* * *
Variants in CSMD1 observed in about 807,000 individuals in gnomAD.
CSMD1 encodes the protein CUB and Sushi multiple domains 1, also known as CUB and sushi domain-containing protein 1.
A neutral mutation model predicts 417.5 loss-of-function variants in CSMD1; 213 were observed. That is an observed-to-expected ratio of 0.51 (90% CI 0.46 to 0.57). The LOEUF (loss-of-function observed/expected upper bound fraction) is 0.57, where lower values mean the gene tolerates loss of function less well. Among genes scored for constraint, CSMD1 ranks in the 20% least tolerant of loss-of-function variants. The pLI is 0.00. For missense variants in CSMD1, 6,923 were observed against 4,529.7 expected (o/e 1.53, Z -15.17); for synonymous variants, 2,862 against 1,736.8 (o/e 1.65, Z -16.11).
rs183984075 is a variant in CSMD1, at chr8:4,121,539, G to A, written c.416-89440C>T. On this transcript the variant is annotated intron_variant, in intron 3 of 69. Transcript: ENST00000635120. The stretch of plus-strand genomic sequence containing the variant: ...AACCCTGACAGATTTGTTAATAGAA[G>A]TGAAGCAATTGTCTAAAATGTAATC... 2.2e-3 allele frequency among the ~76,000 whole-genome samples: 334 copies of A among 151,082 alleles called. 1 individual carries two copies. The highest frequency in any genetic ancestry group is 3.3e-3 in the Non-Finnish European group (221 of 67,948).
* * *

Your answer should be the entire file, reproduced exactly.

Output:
Variants in CSMD1 observed in about 807,000 individuals in gnomAD.
CSMD1 encodes the protein CUB and Sushi multiple domains 1, also known as CUB and sushi domain-containing protein 1.
A neutral mutation model predicts 417.5 loss-of-function variants in CSMD1; 213 were observed. That is an observed-to-expected ratio of 0.51 (90% CI 0.46 to 0.57). The LOEUF (loss-of-function observed/expected upper bound fraction) is 0.57, where lower values mean the gene tolerates loss of function less well. Among genes scored for constraint, CSMD1 ranks in the 20% least tolerant of loss-of-function variants. The pLI is 0.00. For missense variants in CSMD1, 6,923 were observed against 4,529.7 expected (o/e 1.53, Z -15.17); for synonymous variants, 2,862 against 1,736.8 (o/e 1.65, Z -16.11).
rs183984075 is a variant in CSMD1, at chr8:4,121,539, G to A, written c.416-89440C>T. On this transcript the variant is annotated intron_variant, in intron 3 of 69. Transcript: ENST00000635120. The stretch of plus-strand genomic sequence containing the variant: ...AACCCTGACAGATTTGTTAATAGAA[G>A]TGAAGCAATTGTCTAAAATGTAATC... 2.2e-3 allele frequency among the ~76,000 whole-genome samples: 334 copies of A among 151,082 alleles called. 1 individual carries two copies. The highest frequency in any genetic ancestry group is 3.3e-3 in the Non-Finnish European group (221 of 67,948).